The War Plays Strange Tree Group
Between September 1940 and May 1941 hundreds of Nazi bombers and fighter planes appeared night after night in the skies above London, as they did over about two dozen other cities. Huge swaths of the capital were reduced to rubble and tens of thousands were killed. Reporting from central London in December 1940, legendary journalist Ernie Pyle described waves of planes appearing in the sky every two minutes. "You have all seen big fires," he wrote, "but I doubt if you have ever seen the whole horizon of a city lined with great fires—scores of them, perhaps hundreds." He called it "the most hateful, most beautiful single scene I have ever known."
The London Blitz: just the sort of thing theater companies should play cute.
In mounting Emily Schwartz's sketchy, cliche-ridden The War Plays, the Strange Tree Group goes one better and plays the Blitz incoherent and cute. This may be the biggest programming blunder since the now-defunct Remains Theater lost its shirt with John Guare's execrable Moon Under Miami back in 1995.
The confusion begins when something called the Allied Orchestra assembles in the former bar at the Athenaeum Theatre, their brief musical set introduced as "the show before the show." Given their period costumes, the Britishy accent of one of the singers, and the list of air raid safety rules printed in the program, it seems safe to assume we're supposed to be in London during the Blitz. But the band's second number is Johnny Mercer's "G.I. Jive," written in 1943—two years after the Blitz ended. It doesn't help that the instrumentalists—a bizarre combo of cello, accordion, French horn, and poorly tuned guitar—play muddy, ragged, swing-free arrangements that all but drown out the singers.
Then an air raid siren sounds (OK, maybe we are supposed to be in London during the Blitz), and we're told to hurry into the theater where, inexplicably, we'll be safer. The matter is so urgent that before we evacuate the bar a bunch of men spend a couple minutes singing a nice ditty about air raid safety.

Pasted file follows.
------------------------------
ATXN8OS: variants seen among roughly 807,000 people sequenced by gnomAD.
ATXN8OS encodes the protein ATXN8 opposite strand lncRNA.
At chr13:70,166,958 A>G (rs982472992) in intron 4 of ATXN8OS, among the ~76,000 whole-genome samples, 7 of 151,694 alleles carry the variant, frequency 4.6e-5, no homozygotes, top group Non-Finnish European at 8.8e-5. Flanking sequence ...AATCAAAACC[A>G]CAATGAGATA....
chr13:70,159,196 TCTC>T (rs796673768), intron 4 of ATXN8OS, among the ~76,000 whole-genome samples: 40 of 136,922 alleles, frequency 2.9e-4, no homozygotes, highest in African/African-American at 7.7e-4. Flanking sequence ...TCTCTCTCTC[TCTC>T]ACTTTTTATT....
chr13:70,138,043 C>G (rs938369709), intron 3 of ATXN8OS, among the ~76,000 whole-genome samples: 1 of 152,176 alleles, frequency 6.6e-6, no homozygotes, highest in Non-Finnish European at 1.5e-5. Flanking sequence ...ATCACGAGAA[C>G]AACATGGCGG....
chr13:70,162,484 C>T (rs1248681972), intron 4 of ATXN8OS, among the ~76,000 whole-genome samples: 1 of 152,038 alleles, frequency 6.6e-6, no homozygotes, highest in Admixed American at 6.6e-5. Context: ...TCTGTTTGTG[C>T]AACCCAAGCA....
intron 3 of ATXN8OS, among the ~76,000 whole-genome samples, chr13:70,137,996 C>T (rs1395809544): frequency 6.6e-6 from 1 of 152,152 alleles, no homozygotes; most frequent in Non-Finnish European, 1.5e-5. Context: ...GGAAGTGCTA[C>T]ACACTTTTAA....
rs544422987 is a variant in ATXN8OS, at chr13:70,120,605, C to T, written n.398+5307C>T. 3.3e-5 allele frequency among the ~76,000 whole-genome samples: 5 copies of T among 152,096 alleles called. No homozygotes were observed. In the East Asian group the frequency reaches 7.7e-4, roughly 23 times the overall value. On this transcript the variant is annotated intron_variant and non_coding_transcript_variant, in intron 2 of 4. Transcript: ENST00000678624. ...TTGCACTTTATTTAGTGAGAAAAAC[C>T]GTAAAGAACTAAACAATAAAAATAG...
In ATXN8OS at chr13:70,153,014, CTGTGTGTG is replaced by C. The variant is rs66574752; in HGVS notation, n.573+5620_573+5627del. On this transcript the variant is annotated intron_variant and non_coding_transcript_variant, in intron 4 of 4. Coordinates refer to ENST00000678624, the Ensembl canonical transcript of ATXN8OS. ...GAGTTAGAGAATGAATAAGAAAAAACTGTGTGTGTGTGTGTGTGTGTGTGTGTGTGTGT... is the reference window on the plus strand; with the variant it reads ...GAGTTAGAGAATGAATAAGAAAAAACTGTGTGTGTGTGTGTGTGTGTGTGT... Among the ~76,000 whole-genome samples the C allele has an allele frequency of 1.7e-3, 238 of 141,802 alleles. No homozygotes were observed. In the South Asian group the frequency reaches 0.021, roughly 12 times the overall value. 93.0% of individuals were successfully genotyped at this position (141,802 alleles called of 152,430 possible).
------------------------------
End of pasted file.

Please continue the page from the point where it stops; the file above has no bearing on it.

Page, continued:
Once we're in the theater, a fictive performing troupe, which we might logically imagine to be made up of Brits, take their places on a set representing a London subway station and enact a saccharine scene about teenagers trying to fall in love during a raid in November 1940. (She's a no-nonsense American, bitter that her mother was killed on the first night of the Blitz. He's a starry-eyed Brit who finds the war terribly romantic and has "made up my mind to be completely in love.") So . . .it's two months into a nine-month bombing campaign that all but flattens London, and this troupe has found the time, resources, and interest to rehearse a little play about it? Really?
No, as it turns out, not really. The band then launches into Jule Styne and Sammy Cahn's "It's Been a Long, Long Time," to which a young American soldier and his date dance. It's his last night before he's to be shipped overseas. Since America got into the war at the end of 1941, the Blitz must be long over—plus the song was written in 1945. He naively thinks he has to pay her to be his date. She wants romance. When their schematic, mercifully brief scene is interrupted by a power outage due to an air raid, one is tempted to wonder whether Schwartz or director Kate Nawrocki ever stopped to think about crazy stuff like internal logic.
Schwartz doesn't find much weighty material until her final scene, in which a wounded American World War II veteran reunites with his brother's former fiancee. The brother died in the war, and now the vet must face fallout from the romance he began with her before his brother went to war. There's enough here to build a full-length play around, yet Schwartz gives the lovers about ten minutes together. She devotes most of the scene to a cloying exchange between the vet and his roué buddy who can't take the hint that it's time for their extended visit to somebody's—maybe the veteran's—country estate to end.
The charitable thing would be to see The War Plays as an impressionistic take on love during wartime—space, time, and cogency warped in service of deeper truths about romance struggling amid the carnage. But the thinness of the material doesn't justify such a massive suspension of disbelief.
After the Blitz, London was rebuilt in short order. I wonder if Strange Tree Group's reputation will recover as quickly. v
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